Following the end of the war, Willow grove was designated a Reserve training stations under the Chief of Naval Air Reserve Training. Activities increased during the Korean War and then in 1957, the Navy purchased additional land bordering the station to bring the area to its present total of 1,100 acres. The Vietnam War also brought a step up in operations and many Willow Grove Reservists volunteered to fly airlift and cargo missions in support of the U.S. effort.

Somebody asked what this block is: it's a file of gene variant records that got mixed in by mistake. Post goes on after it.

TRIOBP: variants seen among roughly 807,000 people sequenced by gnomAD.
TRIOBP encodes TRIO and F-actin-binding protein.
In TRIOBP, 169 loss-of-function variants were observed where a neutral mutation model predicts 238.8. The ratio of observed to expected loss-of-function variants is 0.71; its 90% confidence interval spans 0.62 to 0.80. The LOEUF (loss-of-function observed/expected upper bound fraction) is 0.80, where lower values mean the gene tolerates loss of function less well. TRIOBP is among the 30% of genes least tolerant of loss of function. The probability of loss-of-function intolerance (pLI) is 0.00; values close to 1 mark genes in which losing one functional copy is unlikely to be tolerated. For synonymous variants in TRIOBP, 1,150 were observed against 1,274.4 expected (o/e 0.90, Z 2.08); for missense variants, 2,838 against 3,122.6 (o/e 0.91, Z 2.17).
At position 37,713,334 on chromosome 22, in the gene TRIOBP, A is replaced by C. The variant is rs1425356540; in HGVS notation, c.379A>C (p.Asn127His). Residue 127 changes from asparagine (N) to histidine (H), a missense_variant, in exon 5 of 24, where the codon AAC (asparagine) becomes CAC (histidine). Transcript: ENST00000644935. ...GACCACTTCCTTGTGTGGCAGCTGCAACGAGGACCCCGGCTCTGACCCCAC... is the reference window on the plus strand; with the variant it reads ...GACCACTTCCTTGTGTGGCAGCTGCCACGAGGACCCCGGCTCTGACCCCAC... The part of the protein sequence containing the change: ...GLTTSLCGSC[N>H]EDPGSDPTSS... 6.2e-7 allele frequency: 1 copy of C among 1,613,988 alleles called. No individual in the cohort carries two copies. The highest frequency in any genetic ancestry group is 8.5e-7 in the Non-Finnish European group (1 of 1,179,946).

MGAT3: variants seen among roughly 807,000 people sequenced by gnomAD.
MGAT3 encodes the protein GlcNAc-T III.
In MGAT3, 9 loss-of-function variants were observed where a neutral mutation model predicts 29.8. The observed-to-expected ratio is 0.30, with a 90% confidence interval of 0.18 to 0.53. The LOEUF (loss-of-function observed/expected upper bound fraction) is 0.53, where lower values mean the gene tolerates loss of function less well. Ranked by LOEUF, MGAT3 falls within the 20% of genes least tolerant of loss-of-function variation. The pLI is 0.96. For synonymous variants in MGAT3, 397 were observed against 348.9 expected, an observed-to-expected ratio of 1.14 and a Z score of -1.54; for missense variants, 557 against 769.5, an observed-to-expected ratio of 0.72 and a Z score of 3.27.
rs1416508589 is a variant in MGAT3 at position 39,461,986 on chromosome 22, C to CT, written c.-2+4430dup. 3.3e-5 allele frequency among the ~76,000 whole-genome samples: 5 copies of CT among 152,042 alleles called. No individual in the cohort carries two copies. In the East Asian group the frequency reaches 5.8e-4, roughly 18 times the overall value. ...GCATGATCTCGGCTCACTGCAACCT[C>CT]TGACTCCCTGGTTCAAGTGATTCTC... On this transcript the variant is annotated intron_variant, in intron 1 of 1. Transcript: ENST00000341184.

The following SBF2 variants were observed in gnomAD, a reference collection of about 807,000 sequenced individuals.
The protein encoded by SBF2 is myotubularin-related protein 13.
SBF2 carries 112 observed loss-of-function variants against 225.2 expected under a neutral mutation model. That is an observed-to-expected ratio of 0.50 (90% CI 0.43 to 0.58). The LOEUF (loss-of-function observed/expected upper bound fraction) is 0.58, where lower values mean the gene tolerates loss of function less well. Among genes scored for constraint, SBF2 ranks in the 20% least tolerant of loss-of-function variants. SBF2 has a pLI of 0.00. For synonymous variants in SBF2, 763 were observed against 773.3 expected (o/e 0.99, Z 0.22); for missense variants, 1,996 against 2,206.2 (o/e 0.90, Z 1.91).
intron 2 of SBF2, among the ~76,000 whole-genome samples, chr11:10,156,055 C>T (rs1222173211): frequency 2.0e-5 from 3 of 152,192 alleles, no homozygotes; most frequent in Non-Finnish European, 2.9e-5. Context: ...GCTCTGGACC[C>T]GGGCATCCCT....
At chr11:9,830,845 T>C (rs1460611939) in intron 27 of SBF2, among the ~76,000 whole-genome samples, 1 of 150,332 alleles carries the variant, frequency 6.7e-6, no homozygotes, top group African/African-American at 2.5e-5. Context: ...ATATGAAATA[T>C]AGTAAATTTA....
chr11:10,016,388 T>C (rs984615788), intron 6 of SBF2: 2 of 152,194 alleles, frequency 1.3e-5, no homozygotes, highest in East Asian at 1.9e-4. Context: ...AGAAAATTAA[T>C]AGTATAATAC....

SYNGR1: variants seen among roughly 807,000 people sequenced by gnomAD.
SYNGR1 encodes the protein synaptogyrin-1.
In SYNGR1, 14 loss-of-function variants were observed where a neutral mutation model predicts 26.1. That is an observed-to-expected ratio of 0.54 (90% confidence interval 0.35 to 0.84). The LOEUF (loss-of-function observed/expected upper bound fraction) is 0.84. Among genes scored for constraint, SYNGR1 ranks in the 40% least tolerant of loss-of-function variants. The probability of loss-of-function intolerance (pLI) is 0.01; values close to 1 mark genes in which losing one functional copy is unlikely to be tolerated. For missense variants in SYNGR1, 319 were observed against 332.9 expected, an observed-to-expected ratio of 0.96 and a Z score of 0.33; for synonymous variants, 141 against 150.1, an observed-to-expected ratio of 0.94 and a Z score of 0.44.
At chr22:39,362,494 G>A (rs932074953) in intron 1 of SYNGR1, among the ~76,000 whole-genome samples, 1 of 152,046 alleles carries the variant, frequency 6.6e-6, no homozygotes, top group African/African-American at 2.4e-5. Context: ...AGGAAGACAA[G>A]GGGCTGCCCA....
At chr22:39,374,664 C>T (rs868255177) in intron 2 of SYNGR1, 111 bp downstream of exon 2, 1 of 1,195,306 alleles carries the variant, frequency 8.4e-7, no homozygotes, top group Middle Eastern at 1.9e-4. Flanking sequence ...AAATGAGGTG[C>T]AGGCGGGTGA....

In 1994, the station's name was changed to Naval Air Station Joint Reserve Base, Willow Grove, to accurately depict the population and efforts of the station. In 2003, more changes to the Department of the Navy's structure came about creating a new command on station known as the Naval Air Reserve, which is now responsible for more than 5,000 drilling Naval Reservists that come to the Grove each month.